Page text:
The royal visited a newly opened library on Friday and read to school children

By Simon Perry
Updated November 29, 2013 12:50 PM
Credit: PA/Landov

It’s story time!

Prince William got a lesson in storytelling when he visited the recently opened Library of Birmingham Friday.

Joined by a group of 6-year-old children, William, 31, was taken through a favorite tale, We’re Going on a Bear Hunt.

Although William appeared a little reticent about joining in all the motions that go with the lively classic text, after a little cajoling from storyteller Amanda Murphy, 54, he was soon swaying and doing the arm movements to accompany the story.

Seated with the children of class 25 at Chandos Primary School in Highgate, Birmingham, he called out, “Swish, swish, swish,” along with the kids.

“And do the motions,” Murphy urged him. Soon, he got the idea and was beckoning “over it” and “under it” at the right times.

“I’d like a nap now,” William said with a broad grin at the end.

Picture Books for Prince George

Prince George may have been doing just that. The 4-month-old wasn’t far from the children’s thoughts and William was asked by schoolgirl Katie Wyatt, 6, if he read to his son.

“He said he did. He said he lets George look at the pictures and that the baby likes playing with the picture books,” she told PEOPLE. “He was very handsome!”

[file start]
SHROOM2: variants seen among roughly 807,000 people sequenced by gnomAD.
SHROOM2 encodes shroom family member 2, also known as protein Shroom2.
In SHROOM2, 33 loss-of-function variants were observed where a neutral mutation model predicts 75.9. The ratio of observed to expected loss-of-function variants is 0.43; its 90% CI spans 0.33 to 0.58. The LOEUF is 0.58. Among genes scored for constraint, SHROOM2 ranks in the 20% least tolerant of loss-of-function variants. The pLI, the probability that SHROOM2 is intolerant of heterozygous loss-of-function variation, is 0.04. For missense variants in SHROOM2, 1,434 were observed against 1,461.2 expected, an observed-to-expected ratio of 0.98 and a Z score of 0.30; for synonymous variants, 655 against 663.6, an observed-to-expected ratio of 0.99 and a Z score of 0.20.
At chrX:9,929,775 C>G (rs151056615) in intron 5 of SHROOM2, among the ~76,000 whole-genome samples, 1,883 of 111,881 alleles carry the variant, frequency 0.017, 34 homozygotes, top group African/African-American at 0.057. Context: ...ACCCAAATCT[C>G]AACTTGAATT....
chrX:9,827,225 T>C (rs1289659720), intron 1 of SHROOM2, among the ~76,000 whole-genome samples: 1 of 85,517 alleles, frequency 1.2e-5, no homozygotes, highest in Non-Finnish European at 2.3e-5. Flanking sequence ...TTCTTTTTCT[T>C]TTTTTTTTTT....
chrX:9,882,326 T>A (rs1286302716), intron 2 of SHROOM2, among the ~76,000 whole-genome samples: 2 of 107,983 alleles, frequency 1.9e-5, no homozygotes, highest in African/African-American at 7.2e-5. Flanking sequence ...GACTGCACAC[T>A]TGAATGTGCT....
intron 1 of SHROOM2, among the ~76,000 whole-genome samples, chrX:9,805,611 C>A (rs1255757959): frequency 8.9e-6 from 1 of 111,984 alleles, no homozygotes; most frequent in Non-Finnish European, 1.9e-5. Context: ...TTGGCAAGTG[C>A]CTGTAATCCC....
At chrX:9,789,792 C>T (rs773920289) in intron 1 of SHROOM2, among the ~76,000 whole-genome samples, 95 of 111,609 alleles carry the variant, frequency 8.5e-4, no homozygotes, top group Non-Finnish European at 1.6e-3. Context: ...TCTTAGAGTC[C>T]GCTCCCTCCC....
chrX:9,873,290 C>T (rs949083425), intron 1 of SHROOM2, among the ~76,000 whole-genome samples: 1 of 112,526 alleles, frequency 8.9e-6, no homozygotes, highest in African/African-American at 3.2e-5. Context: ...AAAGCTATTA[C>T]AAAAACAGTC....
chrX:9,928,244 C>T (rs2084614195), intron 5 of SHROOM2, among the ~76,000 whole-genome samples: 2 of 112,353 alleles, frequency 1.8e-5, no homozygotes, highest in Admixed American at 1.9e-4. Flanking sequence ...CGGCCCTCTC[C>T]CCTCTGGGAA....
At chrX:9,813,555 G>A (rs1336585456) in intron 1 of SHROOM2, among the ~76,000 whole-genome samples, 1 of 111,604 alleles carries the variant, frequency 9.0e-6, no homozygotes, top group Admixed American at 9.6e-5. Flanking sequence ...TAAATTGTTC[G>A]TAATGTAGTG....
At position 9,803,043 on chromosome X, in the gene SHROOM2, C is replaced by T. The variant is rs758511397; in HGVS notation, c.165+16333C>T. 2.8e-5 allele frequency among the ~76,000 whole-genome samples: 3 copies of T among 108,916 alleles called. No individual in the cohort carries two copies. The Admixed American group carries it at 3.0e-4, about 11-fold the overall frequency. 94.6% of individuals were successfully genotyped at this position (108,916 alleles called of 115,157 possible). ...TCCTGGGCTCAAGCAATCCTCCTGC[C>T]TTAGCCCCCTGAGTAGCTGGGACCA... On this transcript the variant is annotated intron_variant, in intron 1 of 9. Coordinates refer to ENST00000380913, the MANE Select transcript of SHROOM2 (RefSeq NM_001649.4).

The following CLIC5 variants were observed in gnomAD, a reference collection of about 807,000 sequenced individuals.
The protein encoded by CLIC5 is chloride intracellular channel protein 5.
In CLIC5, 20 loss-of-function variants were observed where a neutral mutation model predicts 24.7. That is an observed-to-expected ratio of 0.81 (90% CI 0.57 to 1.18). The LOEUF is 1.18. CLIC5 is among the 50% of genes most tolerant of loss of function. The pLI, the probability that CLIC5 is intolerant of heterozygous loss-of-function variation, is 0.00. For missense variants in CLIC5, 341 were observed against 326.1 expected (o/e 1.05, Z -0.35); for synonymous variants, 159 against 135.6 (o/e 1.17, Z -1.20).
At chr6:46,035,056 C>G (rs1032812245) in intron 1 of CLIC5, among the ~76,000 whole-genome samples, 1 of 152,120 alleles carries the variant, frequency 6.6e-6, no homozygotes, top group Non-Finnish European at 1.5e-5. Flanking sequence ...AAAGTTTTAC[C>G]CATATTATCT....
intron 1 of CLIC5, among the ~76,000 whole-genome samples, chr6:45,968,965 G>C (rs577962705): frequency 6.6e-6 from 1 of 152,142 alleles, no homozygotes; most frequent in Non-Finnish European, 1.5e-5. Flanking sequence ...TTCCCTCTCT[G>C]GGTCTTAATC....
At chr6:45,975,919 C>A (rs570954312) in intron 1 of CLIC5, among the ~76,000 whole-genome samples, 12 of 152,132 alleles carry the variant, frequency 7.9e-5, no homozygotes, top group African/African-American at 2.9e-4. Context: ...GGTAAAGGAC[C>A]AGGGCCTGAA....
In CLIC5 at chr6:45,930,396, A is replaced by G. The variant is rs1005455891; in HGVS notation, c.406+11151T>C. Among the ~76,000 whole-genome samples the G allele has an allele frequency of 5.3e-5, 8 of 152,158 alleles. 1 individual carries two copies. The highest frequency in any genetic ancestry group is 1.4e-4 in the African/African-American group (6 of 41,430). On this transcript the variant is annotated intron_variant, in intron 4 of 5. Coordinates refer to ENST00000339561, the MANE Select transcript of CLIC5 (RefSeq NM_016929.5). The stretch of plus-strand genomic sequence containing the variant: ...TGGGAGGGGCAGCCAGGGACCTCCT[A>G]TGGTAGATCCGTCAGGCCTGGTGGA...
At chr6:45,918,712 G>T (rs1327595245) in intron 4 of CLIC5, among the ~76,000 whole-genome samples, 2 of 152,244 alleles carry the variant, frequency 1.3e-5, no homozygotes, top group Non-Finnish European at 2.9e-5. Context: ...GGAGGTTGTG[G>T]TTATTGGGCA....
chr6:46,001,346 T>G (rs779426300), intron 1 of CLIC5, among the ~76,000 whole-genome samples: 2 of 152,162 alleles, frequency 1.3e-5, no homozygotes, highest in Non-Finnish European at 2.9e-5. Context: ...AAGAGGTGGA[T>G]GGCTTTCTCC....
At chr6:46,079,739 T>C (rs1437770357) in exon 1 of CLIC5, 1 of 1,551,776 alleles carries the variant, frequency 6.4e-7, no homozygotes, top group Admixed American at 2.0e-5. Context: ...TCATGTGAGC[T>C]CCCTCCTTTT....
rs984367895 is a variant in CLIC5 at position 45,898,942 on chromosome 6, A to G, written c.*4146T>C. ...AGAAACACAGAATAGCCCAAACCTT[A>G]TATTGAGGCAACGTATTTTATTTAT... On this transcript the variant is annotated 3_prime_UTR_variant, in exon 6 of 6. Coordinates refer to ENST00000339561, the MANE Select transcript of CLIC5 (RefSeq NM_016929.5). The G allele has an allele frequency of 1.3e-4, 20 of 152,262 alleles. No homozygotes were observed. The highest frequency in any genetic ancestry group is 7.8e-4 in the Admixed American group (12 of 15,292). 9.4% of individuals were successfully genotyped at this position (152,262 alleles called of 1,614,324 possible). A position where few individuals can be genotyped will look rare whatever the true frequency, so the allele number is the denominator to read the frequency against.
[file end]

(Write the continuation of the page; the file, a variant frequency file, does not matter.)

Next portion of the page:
The children also gave William a card for George, decorated with a large sunflower, and inside each child had drawn a mini picture of themselves. The infant also received another gift from the library visit – his own library card.

Of William’s visit, Murphy said, “I always like to put dads on the spot and make them join in, and once the story gets going they normally do. He was just like any other father – except that he could put me in the tower!”

A Royal ‘Singing Career’

Earlier in the visit to Birmingham, William called a swift halt to his new “singing career.”

The Prince, who performed “Livin’ on a Prayer” with Bon Jovi and Taylor Swift at a charity gala at Kensington Palace on Tuesday, ruled out repeating the act.

“I’m not doing that again,” he said, laughing, when the chief executive of a homeless charity in Birmingham jokingly suggested that young residents of a hostel were just warming up and were ready to join him.

“We could get some singing going,” said Jean Templeton, chief executive of St Basils, which runs Carole Gething House, a hostel for 25 people aged 16 to 25 in the Small Heath district of the city.

And Penny Francis – the chairwoman of the board of Centrepoint, a charity benefiting the homeless – suggested the prince could do an alternative dance performance.

“You haven’t rapped yet,” she said. “I draw a line there,” replied William.

The visit to St Basil’s was his third engagement in eight days involving homelessness, following a trip to Sunderland last Friday and the Tuesday gala, which benefited Centrepoint.